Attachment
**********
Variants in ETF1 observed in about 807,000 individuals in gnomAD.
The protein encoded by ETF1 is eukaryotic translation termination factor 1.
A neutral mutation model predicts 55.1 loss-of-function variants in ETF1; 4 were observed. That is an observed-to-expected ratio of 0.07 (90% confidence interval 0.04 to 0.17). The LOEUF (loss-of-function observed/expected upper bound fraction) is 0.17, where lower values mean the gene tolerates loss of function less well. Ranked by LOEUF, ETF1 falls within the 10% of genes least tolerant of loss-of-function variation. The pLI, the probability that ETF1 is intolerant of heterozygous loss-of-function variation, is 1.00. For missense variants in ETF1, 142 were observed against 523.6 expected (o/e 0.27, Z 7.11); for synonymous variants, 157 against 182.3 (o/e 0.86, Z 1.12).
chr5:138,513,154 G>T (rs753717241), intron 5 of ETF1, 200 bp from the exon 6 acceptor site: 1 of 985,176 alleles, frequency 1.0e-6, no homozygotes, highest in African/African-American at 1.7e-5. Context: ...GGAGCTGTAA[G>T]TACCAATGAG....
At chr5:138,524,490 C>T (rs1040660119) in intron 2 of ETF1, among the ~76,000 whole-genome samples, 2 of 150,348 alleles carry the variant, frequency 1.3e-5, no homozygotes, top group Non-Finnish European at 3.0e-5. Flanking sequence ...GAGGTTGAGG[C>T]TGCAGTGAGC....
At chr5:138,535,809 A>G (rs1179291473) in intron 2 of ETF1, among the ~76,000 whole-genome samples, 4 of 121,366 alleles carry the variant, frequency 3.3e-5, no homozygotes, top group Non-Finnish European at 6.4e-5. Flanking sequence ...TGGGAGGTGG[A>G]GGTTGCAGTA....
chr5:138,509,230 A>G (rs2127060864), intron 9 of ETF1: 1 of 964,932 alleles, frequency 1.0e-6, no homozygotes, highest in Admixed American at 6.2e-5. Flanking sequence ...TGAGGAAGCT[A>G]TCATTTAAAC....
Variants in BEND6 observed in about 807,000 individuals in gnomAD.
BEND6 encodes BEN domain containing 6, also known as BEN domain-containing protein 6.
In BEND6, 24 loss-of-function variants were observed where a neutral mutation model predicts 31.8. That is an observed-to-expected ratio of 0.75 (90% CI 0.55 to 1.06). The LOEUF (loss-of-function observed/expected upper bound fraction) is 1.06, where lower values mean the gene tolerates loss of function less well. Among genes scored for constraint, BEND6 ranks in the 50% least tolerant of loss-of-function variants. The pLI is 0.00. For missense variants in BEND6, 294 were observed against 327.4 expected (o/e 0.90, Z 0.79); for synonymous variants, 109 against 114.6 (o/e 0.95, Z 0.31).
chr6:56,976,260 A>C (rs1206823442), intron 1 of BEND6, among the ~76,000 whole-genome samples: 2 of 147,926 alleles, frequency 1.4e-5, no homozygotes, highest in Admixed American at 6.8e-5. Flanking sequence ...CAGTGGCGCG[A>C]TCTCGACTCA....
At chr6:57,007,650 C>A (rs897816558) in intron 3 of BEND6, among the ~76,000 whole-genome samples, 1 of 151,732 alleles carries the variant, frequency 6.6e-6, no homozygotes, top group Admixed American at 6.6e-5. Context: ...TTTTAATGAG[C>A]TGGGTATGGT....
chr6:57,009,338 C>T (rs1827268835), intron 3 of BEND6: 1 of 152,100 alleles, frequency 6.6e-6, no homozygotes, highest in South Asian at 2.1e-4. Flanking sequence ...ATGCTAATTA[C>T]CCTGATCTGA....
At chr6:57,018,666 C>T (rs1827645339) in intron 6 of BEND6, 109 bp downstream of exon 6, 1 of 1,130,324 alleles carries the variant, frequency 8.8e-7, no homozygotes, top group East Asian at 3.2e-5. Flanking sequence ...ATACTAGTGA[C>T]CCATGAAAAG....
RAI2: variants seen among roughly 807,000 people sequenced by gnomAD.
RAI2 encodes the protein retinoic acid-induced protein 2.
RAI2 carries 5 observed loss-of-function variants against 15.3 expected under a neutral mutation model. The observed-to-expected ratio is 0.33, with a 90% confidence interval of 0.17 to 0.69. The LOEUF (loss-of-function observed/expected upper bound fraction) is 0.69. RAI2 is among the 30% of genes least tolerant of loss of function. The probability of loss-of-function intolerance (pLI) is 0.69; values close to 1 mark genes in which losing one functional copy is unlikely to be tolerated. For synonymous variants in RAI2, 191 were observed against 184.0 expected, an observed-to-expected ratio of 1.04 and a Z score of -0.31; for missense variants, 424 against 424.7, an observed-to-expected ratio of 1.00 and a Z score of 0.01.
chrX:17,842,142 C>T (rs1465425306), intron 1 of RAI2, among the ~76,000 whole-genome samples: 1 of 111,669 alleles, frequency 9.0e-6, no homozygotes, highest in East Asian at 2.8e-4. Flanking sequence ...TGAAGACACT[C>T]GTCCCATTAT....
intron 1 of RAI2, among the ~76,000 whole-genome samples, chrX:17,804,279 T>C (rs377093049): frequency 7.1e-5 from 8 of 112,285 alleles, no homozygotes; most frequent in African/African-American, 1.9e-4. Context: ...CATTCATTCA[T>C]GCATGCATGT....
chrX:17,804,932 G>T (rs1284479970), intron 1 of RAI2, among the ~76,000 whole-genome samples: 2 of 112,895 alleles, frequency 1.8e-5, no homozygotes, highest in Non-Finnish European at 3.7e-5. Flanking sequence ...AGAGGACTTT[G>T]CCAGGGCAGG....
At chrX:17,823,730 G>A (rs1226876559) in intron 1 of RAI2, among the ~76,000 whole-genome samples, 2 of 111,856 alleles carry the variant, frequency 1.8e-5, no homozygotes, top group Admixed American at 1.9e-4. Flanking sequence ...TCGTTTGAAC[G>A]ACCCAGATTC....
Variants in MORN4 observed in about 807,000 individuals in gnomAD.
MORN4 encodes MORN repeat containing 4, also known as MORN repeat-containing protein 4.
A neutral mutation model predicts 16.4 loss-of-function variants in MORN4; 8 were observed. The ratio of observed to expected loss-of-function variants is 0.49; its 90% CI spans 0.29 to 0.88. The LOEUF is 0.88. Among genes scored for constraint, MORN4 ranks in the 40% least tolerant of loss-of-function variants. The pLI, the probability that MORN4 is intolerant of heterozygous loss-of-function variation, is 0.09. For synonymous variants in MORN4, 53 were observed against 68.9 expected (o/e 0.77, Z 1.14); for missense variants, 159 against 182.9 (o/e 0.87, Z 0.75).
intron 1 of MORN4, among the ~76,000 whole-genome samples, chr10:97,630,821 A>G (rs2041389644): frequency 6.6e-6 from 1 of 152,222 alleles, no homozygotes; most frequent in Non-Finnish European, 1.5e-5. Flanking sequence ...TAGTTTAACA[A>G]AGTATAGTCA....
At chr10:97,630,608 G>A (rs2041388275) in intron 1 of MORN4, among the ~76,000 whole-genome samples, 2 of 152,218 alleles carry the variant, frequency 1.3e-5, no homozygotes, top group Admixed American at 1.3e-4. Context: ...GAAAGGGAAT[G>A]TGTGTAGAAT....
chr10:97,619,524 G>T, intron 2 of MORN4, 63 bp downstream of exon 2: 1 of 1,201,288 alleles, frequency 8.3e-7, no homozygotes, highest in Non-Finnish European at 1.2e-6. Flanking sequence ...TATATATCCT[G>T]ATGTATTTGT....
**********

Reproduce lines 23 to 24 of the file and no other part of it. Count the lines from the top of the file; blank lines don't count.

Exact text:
MORN4 encodes MORN repeat containing 4, also known as MORN repeat-containing protein 4.
A neutral mutation model predicts 16.4 loss-of-function variants in MORN4; 8 were observed. The ratio of observed to expected loss-of-function variants is 0.49; its 90% CI spans 0.29 to 0.88. The LOEUF is 0.88. Among genes scored for constraint, MORN4 ranks in the 40% least tolerant of loss-of-function variants. The pLI, the probability that MORN4 is intolerant of heterozygous loss-of-function variation, is 0.09. For synonymous variants in MORN4, 53 were observed against 68.9 expected (o/e 0.77, Z 1.14); for missense variants, 159 against 182.9 (o/e 0.87, Z 0.75).